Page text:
The BBC cannot influence the structure of the communication industry because it cannot control technology development which impacts upon the communication industry. Thus, compliance with the rules of the game is a vital strategy for the survival of the BBC in the Digital Age (Changes to schedule at the BBC, 2005). Under the concept of compliance, the strategic demand is for managers to adapt the organisation to the industry context (Berman, 2004). The BBC understands the circumstance in the communication industry, where the Digital Age has taken over from the Analogue. Thus, to achieve compliance with the industry rule, it has developed structures, processes and a culture in which observing and adapting to the environment has become essential (Allen & Helms, 2006).

In compliance with the new communication industry rules in the advent of the Digital Age, the BBC has complied with industry rules by developing structures, market orientations, processes and culture. In 2006 under Lord Burns, the BBC Trust committee reviewed the role of the BBC and its activities within the Digital Age, resulting in the launch of two important documents: Building Public Value – reviewing the BBC for a digital world and a Government progression report on the progress towards digital switchover (BBC website, 2007). The BBC’s position within this Digital Age is hands on and wide ranging. It perceives itself as taking a key role in creating a fully digital Britain. In 2002, the BBC was quick to take advantage of the opportunity presented by the downfall of ITV Digital, thus allowing the BBC to begin constructing its Freeview platform. By 2003, the BBC had created a set of six digital channels, including BBC News 24, BBC Parliament, BBC Three, BBC Four, CBBC, and CBeebies (Harris & Wegg-Prosser, 2007).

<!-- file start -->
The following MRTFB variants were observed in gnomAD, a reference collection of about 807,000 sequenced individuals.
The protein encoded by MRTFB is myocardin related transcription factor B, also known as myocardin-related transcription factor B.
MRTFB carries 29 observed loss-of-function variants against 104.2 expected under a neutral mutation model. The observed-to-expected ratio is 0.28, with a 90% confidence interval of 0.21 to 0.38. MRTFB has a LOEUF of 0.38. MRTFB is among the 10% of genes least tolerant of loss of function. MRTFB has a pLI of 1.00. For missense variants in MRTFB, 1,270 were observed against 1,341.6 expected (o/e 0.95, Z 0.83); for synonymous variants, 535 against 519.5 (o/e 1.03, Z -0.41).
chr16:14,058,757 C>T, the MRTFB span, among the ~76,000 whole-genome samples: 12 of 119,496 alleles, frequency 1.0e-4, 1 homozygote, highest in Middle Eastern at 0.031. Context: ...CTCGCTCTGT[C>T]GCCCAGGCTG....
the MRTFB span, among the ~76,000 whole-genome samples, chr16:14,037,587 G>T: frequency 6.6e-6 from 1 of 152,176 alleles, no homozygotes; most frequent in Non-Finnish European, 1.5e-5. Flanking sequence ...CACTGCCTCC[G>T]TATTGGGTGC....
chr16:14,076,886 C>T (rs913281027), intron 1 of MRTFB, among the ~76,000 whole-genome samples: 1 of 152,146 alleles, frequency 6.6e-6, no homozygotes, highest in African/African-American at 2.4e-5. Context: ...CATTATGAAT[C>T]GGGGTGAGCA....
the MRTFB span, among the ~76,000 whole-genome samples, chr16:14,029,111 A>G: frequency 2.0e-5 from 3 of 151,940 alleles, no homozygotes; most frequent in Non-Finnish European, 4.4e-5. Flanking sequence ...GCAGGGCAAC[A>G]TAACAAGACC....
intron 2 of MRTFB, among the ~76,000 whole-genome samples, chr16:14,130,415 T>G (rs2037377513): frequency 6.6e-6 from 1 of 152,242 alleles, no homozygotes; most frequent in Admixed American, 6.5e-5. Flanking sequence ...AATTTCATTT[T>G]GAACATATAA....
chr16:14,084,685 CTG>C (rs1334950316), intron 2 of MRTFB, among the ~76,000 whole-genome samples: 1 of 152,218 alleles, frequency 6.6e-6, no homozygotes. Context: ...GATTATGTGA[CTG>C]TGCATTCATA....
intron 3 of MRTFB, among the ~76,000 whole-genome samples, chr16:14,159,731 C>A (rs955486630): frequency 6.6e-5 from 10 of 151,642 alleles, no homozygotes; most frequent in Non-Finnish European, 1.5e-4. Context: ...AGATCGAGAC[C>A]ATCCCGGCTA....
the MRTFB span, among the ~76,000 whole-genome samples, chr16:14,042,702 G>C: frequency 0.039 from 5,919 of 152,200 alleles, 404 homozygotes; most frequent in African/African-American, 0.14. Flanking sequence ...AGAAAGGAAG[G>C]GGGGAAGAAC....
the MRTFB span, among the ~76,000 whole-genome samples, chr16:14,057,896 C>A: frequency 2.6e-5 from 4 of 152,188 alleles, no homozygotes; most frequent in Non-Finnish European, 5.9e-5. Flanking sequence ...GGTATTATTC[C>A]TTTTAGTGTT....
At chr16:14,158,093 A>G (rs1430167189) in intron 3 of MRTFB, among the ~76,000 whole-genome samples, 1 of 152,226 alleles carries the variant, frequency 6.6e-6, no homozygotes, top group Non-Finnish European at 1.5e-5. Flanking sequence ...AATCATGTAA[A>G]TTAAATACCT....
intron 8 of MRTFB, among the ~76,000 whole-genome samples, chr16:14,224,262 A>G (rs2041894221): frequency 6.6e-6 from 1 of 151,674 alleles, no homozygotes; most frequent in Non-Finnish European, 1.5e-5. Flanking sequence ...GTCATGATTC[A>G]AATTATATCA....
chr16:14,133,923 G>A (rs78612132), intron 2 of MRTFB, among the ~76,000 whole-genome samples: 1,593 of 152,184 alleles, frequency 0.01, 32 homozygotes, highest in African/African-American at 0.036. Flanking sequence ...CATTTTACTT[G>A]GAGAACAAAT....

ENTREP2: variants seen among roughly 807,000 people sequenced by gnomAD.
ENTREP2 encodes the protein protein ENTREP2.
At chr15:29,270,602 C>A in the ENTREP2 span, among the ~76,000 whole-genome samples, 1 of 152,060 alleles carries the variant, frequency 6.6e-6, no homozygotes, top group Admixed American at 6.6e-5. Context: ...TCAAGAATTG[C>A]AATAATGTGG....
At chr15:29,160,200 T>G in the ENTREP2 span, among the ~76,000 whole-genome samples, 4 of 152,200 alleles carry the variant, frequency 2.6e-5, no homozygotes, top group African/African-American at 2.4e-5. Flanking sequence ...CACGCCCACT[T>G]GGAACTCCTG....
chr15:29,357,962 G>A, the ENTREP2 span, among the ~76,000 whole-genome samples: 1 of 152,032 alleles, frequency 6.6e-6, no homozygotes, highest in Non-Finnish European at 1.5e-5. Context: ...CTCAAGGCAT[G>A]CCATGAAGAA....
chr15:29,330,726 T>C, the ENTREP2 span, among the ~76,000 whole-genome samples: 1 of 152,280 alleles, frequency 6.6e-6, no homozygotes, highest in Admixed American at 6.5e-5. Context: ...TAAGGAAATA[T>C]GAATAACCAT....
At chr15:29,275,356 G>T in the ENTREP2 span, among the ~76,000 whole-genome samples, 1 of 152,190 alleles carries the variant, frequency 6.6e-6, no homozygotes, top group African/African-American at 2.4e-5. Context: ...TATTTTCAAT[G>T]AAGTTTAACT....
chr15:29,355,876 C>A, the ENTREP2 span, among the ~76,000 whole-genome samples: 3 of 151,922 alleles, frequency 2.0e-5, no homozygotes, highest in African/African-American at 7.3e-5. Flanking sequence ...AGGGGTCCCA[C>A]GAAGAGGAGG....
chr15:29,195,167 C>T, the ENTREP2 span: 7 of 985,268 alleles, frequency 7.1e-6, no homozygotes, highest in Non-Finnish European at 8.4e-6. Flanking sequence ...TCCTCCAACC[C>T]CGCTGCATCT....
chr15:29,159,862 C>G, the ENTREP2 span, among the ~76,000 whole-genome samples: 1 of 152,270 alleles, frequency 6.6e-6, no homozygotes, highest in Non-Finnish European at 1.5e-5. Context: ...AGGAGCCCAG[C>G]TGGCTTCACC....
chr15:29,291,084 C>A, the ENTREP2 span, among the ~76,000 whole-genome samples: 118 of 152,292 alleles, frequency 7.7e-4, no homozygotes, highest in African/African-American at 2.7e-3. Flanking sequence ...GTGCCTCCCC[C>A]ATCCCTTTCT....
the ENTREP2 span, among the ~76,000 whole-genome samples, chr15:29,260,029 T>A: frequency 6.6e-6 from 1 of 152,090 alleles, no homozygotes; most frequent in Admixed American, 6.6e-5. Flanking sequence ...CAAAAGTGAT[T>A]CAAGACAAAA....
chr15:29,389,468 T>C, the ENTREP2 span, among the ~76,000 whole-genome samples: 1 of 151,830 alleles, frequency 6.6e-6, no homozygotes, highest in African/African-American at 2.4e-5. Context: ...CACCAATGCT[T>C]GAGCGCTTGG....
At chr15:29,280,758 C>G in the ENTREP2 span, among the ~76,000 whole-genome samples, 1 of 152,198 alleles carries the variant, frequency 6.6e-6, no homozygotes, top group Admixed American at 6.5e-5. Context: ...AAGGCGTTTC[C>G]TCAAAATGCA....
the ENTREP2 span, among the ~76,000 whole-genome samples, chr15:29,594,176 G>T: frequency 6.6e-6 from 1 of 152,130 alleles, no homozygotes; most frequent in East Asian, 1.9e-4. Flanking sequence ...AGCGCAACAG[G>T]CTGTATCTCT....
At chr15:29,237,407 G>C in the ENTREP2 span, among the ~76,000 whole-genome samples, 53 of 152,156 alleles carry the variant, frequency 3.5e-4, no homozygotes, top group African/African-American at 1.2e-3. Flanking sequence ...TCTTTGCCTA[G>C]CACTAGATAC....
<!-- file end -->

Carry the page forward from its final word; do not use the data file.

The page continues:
Secondly, at the organisational context level, the BBC has both management control and organisational chaos. Top management control requires leaders or managers to be able to direct development within the organisation. Leaders need to have the power to make the necessary change in the organisational structure, processes and culture to fit the organisation to the demands of environment. The BBC Trust uses its leadership influence in an attempt to guide organisational development, using cultural areas to direct its influence towards achieving strategic change. To be able to change the organisation, the BBC Trust has changed people’s beliefs and associated behavioural patterns (Drejer, 2000).

At the same time, a transitional organisation like the BBC also allows a certain amount of organisational chaos by using the organisational dynamic perspective and allowing bottom-up communication from its workers. Organisational chaos unfreezes existing structure, process, routine and beliefs, allowing people to be creative and come up with out-of-the-ordinary initiatives (Shin, 2006). The BBC Trust might be independent when making decisions, but it has always taken into consideration the responsibilities and risks which its journalists and staff encounter whilst doing their jobs and allows them to give opinions regarding the strategic vision, so that they can have a share in the process of vision development.

Thirdly, in an international context, the BBC has to meet a demand for global synergy and a demand for local responsiveness. Under the concept of global synergy, a firm can achieve cross-border synergies by leveraging resources, integrating activities and aligning product offerings in more than one country. In the case of the BBC, it uses synergy by leveraging resources (Thompson, 1996). The BBC uses a resource replication strategy by sharing its tangible products. The practices of the BBC can be described as global convergence with the use of standardisation.